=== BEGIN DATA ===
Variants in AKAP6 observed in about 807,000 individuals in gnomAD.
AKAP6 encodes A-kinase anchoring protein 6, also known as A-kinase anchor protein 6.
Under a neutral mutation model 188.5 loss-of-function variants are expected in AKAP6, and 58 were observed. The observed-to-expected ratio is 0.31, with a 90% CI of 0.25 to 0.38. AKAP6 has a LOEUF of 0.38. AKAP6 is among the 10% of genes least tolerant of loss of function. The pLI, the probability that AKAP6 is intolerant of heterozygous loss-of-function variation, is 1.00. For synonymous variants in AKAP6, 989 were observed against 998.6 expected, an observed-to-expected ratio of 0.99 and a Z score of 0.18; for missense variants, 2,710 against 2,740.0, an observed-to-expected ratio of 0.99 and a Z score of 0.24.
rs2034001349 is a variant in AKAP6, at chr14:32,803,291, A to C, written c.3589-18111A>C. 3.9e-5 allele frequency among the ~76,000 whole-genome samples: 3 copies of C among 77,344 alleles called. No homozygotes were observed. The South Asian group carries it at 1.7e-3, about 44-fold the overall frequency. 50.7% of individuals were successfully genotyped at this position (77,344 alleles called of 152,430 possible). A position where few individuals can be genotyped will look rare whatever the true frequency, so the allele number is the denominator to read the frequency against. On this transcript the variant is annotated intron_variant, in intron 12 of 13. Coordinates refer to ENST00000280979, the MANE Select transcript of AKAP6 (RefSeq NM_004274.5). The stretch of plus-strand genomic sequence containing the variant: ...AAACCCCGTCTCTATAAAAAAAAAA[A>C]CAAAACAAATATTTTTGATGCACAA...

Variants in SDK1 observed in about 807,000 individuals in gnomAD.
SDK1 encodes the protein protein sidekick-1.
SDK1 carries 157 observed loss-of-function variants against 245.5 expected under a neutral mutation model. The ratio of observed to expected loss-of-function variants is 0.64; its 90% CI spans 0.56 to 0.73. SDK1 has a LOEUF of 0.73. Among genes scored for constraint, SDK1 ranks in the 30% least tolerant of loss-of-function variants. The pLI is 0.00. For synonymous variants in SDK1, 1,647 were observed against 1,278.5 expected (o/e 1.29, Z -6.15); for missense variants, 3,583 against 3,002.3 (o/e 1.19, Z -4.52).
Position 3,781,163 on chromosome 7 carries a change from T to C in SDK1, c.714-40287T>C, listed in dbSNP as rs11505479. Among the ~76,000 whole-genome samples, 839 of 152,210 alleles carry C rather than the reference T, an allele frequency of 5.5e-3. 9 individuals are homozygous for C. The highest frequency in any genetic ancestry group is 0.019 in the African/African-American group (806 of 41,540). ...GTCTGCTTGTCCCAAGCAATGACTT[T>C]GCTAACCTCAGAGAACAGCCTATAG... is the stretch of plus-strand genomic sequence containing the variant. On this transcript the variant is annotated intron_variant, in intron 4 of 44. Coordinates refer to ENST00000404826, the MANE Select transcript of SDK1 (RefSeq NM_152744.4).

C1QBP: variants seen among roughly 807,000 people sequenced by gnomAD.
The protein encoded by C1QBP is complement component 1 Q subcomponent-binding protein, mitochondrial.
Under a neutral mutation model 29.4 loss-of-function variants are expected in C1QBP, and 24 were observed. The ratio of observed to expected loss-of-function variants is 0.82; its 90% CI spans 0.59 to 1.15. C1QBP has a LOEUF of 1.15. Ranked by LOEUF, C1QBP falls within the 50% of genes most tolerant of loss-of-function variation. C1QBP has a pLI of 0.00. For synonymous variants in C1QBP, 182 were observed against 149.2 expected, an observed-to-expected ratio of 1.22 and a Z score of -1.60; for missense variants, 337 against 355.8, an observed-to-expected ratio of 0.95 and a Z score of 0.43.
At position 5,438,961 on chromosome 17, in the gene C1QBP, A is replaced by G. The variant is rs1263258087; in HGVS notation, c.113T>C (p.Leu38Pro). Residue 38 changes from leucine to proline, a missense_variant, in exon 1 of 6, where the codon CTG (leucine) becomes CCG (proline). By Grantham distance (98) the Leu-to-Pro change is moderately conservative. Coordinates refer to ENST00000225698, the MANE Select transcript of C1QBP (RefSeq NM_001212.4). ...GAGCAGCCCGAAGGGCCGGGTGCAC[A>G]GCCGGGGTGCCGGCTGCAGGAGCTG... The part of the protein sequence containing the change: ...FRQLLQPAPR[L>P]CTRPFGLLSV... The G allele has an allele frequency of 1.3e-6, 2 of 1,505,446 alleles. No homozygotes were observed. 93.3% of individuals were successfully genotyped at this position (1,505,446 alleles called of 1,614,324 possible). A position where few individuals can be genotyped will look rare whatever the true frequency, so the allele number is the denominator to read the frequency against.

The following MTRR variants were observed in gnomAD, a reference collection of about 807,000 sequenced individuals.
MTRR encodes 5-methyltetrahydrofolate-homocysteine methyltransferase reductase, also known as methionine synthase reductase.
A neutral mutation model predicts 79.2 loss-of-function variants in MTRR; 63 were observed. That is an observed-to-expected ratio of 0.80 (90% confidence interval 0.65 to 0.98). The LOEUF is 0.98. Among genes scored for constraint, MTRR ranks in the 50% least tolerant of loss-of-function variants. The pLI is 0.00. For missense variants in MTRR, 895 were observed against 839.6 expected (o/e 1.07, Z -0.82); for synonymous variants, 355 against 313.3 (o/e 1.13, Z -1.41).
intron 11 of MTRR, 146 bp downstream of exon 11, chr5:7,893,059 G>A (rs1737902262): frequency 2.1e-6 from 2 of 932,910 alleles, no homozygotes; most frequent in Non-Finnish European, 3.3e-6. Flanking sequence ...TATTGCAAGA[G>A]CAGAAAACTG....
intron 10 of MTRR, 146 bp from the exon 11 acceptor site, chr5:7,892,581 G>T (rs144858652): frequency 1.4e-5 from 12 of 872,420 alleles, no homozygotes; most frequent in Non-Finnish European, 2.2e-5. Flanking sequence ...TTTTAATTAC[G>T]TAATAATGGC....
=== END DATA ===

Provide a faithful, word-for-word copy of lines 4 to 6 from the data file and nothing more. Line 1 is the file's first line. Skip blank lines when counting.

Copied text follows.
rs2034001349 is a variant in AKAP6, at chr14:32,803,291, A to C, written c.3589-18111A>C. 3.9e-5 allele frequency among the ~76,000 whole-genome samples: 3 copies of C among 77,344 alleles called. No homozygotes were observed. The South Asian group carries it at 1.7e-3, about 44-fold the overall frequency. 50.7% of individuals were successfully genotyped at this position (77,344 alleles called of 152,430 possible). A position where few individuals can be genotyped will look rare whatever the true frequency, so the allele number is the denominator to read the frequency against. On this transcript the variant is annotated intron_variant, in intron 12 of 13. Coordinates refer to ENST00000280979, the MANE Select transcript of AKAP6 (RefSeq NM_004274.5). The stretch of plus-strand genomic sequence containing the variant: ...AAACCCCGTCTCTATAAAAAAAAAA[A>C]CAAAACAAATATTTTTGATGCACAA...

Variants in SDK1 observed in about 807,000 individuals in gnomAD.
SDK1 encodes the protein protein sidekick-1.